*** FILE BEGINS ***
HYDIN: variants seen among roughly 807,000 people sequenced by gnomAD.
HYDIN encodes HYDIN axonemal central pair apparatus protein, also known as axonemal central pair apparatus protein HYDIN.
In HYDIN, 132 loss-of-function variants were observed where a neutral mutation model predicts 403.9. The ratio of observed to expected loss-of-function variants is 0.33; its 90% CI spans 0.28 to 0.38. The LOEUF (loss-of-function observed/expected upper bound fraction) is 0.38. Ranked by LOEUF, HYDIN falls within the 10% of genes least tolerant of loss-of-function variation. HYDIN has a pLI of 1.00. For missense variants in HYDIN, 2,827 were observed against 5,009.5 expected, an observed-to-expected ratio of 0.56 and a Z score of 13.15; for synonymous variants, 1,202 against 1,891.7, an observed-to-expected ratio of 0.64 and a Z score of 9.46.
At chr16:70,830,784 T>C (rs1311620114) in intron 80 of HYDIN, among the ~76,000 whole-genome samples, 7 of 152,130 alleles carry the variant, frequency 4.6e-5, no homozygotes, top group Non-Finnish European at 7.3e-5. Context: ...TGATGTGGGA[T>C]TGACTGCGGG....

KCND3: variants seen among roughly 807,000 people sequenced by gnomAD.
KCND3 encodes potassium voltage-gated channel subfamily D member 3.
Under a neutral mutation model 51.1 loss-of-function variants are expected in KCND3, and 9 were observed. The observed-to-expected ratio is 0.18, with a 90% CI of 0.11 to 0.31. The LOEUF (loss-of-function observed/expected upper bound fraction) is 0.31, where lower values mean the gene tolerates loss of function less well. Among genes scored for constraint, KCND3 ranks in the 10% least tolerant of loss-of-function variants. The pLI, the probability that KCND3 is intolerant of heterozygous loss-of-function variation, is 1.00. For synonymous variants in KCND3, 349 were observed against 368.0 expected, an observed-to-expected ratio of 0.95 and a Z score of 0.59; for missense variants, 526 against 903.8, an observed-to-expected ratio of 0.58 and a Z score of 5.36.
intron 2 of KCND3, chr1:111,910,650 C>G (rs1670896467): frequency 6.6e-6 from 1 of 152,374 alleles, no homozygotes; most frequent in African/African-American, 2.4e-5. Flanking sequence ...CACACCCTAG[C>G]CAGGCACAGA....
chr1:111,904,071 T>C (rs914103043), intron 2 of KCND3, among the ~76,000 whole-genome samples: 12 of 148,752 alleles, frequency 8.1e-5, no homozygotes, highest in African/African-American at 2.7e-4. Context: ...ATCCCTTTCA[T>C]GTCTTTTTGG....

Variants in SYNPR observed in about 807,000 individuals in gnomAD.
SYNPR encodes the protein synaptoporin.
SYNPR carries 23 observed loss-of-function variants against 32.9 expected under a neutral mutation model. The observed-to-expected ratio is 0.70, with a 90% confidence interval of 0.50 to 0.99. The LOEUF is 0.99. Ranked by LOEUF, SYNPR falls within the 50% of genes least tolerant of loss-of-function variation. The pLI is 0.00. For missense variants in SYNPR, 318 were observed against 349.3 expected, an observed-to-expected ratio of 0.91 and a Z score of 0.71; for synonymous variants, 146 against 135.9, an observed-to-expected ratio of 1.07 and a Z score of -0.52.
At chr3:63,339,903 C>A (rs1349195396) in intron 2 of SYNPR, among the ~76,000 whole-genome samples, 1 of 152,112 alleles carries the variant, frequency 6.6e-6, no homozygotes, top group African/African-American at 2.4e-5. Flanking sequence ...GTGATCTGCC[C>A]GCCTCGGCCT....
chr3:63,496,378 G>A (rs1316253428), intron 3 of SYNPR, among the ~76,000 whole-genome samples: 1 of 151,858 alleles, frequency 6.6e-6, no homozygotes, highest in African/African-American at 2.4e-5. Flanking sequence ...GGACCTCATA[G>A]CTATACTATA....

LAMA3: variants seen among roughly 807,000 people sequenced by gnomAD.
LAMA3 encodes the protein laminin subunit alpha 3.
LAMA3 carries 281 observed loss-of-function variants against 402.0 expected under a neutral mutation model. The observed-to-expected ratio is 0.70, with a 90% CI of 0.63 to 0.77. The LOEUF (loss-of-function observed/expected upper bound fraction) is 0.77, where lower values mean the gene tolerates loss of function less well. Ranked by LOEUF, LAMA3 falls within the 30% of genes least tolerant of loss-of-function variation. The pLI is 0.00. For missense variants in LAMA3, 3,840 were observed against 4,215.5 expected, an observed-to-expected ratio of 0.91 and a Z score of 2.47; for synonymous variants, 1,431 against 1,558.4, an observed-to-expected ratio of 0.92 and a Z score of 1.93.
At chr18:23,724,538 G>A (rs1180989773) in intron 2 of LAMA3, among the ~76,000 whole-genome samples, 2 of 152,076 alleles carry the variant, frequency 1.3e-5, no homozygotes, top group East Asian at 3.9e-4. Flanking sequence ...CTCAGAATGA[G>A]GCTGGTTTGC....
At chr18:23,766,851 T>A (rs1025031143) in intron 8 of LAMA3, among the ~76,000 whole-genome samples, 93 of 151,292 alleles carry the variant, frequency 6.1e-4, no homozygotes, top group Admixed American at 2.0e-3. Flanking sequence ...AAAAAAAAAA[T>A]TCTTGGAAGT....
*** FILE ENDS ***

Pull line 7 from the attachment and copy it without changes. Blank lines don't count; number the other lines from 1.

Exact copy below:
Under a neutral mutation model 51.1 loss-of-function variants are expected in KCND3, and 9 were observed. The observed-to-expected ratio is 0.18, with a 90% CI of 0.11 to 0.31. The LOEUF (loss-of-function observed/expected upper bound fraction) is 0.31, where lower values mean the gene tolerates loss of function less well. Among genes scored for constraint, KCND3 ranks in the 10% least tolerant of loss-of-function variants. The pLI, the probability that KCND3 is intolerant of heterozygous loss-of-function variation, is 1.00. For synonymous variants in KCND3, 349 were observed against 368.0 expected, an observed-to-expected ratio of 0.95 and a Z score of 0.59; for missense variants, 526 against 903.8, an observed-to-expected ratio of 0.58 and a Z score of 5.36.